BMJ Stone
EZG Manufacturing
Federated Insurance
Fraco USA, Inc.
Hohmann and Barnard, Inc.
Hydro Mobile, Inc.
iQ Power Tools
Kennison Forest Products, Inc.
Mortar Net Solutions
Non-Stop Scaffolding
Pullman Ermator
Tradesmen's Software, Inc.
November 20, 2002 11:13 AM CST

Website? The Who and the What


So you've finally decided to make that leap and join the millions of other businesses on the World Wide Web. Great! Now what?

Like any other new project, creating your first web page can be confusing. Here are some steps to making the process of finding a web designer and creating a website easier:

Finding a Web Designer

Networking can be a great way to finding the perfect web designer. Do any of your business acquaintances or friends have great websites? Ask who designed their site.

Surf the Internet. If you find a site that has the style and flair that you're going for, look at the bottom of the index page most web designers put their company name with a link to their site at the bottom of their client's opening web page. Although it's sometimes helpful to find someone local, you can hire anyone, anywhere; distance is not usually a factor.

Use Search Engines. If you feel more comfortable hiring a web designer who is local, go to any of the major search engines and type "web design (your city)." This should bring up quite a few choices. Any good web designer will have several examples of their work. For right now, narrow down the field to those designers who can provide examples of the structure, artistic abilities, and professional look that you want for your own site.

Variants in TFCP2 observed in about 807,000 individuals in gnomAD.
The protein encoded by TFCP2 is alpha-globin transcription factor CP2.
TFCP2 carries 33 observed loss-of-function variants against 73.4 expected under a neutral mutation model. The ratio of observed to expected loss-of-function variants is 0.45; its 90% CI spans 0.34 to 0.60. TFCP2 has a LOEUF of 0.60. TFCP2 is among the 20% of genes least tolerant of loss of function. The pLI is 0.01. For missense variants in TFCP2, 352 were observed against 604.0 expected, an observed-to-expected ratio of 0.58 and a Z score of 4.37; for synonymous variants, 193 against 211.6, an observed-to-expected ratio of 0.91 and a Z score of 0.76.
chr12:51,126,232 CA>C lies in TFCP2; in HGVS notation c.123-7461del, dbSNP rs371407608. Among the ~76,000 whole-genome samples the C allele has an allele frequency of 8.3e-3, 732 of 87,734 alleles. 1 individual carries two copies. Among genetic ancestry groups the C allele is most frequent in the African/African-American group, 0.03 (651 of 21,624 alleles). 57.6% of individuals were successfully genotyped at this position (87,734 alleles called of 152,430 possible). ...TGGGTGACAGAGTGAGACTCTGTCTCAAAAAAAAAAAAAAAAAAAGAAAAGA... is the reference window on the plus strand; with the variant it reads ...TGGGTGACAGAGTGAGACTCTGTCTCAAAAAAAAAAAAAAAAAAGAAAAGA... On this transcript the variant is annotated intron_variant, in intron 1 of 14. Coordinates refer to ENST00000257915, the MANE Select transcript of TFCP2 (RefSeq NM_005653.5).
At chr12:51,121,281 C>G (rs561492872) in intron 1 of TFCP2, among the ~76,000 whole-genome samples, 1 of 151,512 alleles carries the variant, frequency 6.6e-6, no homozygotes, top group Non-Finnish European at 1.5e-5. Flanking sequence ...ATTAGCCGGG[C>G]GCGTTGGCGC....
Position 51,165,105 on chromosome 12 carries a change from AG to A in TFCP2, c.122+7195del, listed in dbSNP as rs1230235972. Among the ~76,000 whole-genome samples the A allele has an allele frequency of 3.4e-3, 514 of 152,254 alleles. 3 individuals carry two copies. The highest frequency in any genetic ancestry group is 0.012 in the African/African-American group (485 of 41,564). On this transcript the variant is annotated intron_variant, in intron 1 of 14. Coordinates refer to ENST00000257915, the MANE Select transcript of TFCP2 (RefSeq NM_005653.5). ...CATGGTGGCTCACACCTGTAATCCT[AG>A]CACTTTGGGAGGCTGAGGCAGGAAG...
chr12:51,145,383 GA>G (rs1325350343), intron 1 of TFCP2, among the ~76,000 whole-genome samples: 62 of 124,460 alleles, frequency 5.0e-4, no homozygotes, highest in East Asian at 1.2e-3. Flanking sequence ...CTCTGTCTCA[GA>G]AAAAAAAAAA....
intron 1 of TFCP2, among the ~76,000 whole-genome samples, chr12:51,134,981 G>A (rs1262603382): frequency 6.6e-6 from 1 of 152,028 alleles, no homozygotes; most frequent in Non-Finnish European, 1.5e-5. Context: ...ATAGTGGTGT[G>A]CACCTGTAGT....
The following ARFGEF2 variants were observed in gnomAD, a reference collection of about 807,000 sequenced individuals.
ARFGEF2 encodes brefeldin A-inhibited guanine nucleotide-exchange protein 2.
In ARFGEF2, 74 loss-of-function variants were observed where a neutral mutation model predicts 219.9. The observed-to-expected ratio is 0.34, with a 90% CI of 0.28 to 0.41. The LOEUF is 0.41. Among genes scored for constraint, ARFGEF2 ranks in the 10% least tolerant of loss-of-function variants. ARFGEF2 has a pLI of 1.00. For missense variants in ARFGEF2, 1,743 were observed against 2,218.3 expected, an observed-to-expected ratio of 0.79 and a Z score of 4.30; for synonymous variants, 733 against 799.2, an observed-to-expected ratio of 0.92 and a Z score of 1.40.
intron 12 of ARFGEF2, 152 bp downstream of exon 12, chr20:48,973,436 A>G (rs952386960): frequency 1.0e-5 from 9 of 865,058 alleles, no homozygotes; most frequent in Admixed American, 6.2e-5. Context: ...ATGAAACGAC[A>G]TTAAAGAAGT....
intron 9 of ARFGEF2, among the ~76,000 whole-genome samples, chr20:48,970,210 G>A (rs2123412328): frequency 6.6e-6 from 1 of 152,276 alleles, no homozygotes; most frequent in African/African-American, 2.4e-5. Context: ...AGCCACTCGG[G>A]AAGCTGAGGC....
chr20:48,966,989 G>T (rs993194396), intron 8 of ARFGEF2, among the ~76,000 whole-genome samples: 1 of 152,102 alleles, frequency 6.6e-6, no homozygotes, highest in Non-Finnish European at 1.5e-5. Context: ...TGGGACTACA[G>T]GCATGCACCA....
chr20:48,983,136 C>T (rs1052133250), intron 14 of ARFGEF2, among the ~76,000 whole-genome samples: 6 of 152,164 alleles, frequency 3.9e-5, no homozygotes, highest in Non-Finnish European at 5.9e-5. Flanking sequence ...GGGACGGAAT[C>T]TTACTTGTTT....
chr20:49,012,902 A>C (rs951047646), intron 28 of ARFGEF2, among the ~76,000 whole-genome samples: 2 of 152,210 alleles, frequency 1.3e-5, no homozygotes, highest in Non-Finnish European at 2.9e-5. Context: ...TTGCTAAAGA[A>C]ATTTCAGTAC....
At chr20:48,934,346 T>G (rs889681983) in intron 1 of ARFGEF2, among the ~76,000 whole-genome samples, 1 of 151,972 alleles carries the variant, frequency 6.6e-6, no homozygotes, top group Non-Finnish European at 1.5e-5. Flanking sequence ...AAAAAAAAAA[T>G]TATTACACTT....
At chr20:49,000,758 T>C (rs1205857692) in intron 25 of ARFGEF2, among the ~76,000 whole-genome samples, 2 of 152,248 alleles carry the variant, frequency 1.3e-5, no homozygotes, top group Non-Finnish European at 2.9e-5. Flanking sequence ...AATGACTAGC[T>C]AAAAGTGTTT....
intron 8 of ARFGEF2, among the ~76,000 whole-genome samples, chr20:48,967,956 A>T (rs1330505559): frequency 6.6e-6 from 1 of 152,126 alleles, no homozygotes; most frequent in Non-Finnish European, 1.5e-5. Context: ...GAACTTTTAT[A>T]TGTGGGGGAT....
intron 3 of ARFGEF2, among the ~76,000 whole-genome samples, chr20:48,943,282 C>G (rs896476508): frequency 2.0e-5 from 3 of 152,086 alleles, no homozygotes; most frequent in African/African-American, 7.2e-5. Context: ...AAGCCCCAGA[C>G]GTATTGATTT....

A Good Web Designer Should:

Ask What YOU Need rather than trying to up-sell you on expensive additions that don't serve your goals. Flash, ASP, databases and e-commerce are up-sells for basic business websites.

Help You Find a Web Host to house your website. If the designer does not offer a web hosting package, they should be more than happy to help you find something to suit your needs.

Design Fast Loading Pages that will appear, in entirety, within three seconds of being opened. Any longer than that and you risk losing potential clients.

Write Meta Tags for each and every page so search engines will be able to catalog your site. Meta tags are what search engines "read" to know what's on each page. Without this information, search engines will skip over you; in turn your web pages won't show up when clients look for your subject matter.

Include Search Engine Submission with the cost of the design. Although monthly re-submission is necessary to rise in the rankings, designers should make the initial submission of your site for you.

Include One Contact Form and Pictures. You should not be charged extra for one contact form on your site or for one to four pictures per page, though. Adding more pictures might require an additional fee, but you shouldn't need to pay for a minimal amount of pictures per page.

Provide a Bottom-Line Cost, with no hidden fees. Any reputable designer will provide a contract with a breakdown of the number of pages, what all will be included, and the total cost. Services and design work shouldn't be left up in the air.

Allow at Least One Revision for any changes you need made to the design, pictures or text. Many designers will allow you opportunities to preview your site several times for revisions, so the final site will be exactly what you want.

About the Author

Masonry, the official publication of the Mason Contractors Association of America, covers every aspect of the mason contractor profession - equipment and techniques, building codes and standards, business planning, promoting your business, legal issues and more. Read or subscribe to Masonry magazine at


Related Articles

More Masonry Headlines

“The MCAA is working to solidify our industry.”

Donald McCauley
Hunt Country Masonry, Inc.
MCAA member since 2010

Learn More